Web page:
Capitol Alert

Joe Dunn loses arbitration over his firing by State Bar

Former state Sen. Joe Dunn is shown in 2006 when he was serving as chief executive officer of the California Medical Association. He later became executive director of the State Bar but was fired in 2014 and on Monday an arbitrator rejected his claim against the agency.
Former state Sen. Joe Dunn is shown in 2006 when he was serving as chief executive officer of the California Medical Association. He later became executive director of the State Bar but was fired in 2014 and on Monday an arbitrator rejected his claim against the agency. COURTESY California Medical Asso

Capping a years-long conflict, an arbitrator Monday rejected former state Sen. Joseph Dunn’s allegation that he was fired as executive director of the State Bar for blowing the whistle on the licensing organization’s lapses.

Arbitrator Edward Infante had conducted a trial-like hearing into Dunn’s allegations last month in Los Angeles, and Monday’s 30-page ruling exonerated the State Bar, which had said it fired Dunn in 2014 for misleading the agency’s board about critical policy matters.

Dunn had initially filed a lawsuit against the State Bar, but his allegation was diverted into an arbitration proceeding under terms of his contract. Infante found that Dunn had, indeed, misled the board.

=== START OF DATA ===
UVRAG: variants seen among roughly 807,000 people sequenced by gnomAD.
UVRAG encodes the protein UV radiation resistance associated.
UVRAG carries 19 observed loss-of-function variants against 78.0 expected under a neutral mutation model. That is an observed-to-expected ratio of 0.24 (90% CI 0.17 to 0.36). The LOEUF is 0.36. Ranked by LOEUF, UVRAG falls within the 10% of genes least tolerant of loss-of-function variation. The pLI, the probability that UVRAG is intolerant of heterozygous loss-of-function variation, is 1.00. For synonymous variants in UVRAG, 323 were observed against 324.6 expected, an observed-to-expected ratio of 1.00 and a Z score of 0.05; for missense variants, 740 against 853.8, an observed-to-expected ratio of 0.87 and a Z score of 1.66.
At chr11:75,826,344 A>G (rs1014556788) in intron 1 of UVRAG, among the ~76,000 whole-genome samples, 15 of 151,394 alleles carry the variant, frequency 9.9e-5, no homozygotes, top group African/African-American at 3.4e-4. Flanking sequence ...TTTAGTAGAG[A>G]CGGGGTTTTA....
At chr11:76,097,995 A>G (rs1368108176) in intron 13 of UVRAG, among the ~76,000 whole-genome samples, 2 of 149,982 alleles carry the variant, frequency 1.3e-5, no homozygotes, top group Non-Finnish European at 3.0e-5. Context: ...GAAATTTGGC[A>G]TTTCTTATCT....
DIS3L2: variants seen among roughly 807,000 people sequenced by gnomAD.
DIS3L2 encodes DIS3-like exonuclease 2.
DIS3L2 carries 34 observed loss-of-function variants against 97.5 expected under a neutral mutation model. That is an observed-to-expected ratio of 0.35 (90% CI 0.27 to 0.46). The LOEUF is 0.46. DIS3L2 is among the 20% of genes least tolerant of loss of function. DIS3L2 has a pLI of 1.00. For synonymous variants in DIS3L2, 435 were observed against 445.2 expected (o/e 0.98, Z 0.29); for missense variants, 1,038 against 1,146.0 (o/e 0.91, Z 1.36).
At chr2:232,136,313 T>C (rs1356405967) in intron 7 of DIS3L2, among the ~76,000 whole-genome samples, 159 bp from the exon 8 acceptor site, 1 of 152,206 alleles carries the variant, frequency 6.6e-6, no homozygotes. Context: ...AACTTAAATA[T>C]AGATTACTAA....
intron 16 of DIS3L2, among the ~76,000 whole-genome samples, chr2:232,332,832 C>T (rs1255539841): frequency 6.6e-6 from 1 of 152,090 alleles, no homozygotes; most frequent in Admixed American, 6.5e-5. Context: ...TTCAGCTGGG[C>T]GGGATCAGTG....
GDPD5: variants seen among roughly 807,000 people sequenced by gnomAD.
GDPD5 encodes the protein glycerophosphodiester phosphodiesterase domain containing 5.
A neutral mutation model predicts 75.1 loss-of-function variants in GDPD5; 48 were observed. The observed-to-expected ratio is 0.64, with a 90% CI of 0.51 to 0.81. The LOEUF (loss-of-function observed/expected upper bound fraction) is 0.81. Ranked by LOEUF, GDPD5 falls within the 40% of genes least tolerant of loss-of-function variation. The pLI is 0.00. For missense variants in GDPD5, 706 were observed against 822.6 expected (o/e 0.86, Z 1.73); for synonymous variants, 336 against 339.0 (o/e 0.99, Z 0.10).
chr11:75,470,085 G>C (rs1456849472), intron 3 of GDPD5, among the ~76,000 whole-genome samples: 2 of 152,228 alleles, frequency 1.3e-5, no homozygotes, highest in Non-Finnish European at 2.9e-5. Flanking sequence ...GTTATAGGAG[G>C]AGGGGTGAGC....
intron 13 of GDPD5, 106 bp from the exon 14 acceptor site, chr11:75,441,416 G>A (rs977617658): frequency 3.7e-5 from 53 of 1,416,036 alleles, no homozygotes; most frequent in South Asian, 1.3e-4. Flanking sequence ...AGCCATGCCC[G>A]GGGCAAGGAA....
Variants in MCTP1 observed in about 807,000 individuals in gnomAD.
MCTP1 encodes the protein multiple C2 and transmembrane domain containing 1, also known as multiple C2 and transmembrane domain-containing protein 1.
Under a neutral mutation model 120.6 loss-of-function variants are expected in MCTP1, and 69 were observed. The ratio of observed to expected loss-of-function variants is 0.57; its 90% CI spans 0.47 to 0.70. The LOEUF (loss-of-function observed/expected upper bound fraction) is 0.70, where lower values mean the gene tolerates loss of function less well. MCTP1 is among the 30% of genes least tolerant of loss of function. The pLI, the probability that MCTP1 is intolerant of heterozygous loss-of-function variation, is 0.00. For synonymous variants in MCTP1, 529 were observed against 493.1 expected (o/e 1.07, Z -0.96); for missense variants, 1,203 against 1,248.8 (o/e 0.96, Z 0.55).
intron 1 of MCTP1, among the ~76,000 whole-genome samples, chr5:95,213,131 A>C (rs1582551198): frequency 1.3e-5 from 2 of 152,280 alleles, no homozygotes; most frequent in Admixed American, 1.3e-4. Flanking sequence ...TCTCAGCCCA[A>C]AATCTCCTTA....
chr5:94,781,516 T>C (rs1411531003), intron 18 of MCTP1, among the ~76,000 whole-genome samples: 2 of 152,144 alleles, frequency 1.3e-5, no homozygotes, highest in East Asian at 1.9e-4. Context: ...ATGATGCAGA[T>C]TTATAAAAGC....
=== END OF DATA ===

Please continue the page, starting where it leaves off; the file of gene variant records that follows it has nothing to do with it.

Dunn, a Democrat who represented Orange County in the Senate, had sought more than $4 million for his whistleblower claim and another $190,000 in severance pay.

Dunn’s stormy tenure as State Bar executive director and his subsequent whistleblower claim have roiled an agency already under fire for running up a backlog of disciplinary actions against the attorney it licenses.

Last year, the Legislature deadlocked on an otherwise routine bill authorizing the State Bar to continue collecting “dues” from attorneys to support its operations. The conflict was over how extensively the Legislature should write State Bar reforms.

The state Supreme Court authorized the State Bar to continue collecting dues until the legislative stalemate was resolved, and it’s back on the agenda for this year’s legislative session.

Dan Walters: 916-321-1195, @WaltersBee

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